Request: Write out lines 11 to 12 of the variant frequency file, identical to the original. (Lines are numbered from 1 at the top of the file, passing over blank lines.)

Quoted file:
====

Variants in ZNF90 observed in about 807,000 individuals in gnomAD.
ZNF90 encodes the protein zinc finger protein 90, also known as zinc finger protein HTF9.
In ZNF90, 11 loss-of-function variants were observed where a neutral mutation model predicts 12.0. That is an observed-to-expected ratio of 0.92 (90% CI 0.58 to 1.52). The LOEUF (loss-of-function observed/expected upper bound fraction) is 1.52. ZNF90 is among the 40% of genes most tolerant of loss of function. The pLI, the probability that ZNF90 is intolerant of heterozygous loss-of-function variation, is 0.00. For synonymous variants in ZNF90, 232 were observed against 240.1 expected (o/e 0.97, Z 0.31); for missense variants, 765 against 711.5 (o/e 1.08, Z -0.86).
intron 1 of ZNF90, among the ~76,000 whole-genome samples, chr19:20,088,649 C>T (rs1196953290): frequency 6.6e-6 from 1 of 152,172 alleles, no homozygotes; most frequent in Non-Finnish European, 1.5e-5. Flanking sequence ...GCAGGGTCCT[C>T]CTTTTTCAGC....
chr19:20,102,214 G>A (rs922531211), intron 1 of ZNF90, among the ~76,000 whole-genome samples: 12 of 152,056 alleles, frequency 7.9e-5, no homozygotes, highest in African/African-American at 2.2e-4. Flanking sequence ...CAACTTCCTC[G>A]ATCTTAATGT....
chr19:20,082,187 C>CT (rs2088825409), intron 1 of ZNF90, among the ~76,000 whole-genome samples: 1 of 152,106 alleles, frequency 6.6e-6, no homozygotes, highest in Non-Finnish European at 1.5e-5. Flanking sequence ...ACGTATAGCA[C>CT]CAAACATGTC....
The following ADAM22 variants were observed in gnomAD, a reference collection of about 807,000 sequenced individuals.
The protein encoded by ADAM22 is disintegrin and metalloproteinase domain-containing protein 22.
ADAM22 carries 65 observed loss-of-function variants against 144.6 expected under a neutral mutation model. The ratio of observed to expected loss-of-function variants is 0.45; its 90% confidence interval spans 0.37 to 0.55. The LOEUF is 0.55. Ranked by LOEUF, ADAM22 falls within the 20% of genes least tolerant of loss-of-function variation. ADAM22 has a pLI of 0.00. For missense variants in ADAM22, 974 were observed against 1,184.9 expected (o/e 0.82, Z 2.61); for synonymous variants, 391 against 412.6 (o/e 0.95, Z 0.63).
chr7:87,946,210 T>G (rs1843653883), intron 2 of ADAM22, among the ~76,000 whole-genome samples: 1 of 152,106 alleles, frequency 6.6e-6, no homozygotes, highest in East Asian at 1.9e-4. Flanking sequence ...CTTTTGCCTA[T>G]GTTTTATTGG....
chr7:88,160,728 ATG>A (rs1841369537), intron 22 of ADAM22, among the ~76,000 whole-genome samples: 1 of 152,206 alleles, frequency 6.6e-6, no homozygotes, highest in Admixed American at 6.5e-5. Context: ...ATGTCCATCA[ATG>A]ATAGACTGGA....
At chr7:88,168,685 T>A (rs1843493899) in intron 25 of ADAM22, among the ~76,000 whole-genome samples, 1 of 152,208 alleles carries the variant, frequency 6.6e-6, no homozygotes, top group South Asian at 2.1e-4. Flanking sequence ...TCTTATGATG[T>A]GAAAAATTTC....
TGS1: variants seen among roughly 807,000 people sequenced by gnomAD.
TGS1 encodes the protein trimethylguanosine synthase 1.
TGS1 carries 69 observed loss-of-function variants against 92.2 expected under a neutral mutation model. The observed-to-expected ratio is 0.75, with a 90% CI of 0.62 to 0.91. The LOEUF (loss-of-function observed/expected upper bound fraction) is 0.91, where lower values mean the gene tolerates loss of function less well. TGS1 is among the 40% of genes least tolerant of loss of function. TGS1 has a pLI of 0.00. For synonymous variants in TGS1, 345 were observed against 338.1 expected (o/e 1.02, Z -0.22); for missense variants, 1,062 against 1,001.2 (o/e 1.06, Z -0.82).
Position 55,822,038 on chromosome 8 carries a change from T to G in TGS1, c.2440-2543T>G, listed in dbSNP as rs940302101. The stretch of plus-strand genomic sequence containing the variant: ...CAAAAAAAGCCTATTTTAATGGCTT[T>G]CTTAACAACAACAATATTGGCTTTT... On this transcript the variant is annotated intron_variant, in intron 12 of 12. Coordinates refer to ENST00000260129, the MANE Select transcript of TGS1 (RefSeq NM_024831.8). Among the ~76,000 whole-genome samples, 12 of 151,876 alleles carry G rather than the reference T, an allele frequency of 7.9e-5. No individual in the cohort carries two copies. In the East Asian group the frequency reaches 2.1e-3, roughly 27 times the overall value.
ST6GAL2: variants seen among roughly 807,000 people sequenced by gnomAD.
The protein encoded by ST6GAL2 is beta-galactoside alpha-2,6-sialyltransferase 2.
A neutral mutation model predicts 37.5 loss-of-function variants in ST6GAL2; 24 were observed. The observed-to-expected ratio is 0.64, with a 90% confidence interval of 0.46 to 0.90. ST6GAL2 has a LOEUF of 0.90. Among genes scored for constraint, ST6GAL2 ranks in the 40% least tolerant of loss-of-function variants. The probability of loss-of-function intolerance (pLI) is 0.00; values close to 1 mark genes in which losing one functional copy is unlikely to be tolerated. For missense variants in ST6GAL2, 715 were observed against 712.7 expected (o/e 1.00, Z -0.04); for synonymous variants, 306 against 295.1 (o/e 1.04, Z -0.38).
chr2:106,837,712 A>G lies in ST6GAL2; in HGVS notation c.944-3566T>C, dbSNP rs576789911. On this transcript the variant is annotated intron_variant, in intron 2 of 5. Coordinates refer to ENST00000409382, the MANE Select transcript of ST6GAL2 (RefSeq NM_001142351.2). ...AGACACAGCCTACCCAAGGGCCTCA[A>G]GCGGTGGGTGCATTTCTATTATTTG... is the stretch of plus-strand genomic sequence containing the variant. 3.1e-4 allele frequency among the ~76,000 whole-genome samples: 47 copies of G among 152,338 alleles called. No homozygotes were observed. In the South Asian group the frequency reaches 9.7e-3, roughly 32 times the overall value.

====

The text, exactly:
chr7:88,160,728 ATG>A (rs1841369537), intron 22 of ADAM22, among the ~76,000 whole-genome samples: 1 of 152,206 alleles, frequency 6.6e-6, no homozygotes, highest in Admixed American at 6.5e-5. Context: ...ATGTCCATCA[ATG>A]ATAGACTGGA....
At chr7:88,168,685 T>A (rs1843493899) in intron 25 of ADAM22, among the ~76,000 whole-genome samples, 1 of 152,208 alleles carries the variant, frequency 6.6e-6, no homozygotes, top group South Asian at 2.1e-4. Flanking sequence ...TCTTATGATG[T>A]GAAAAATTTC....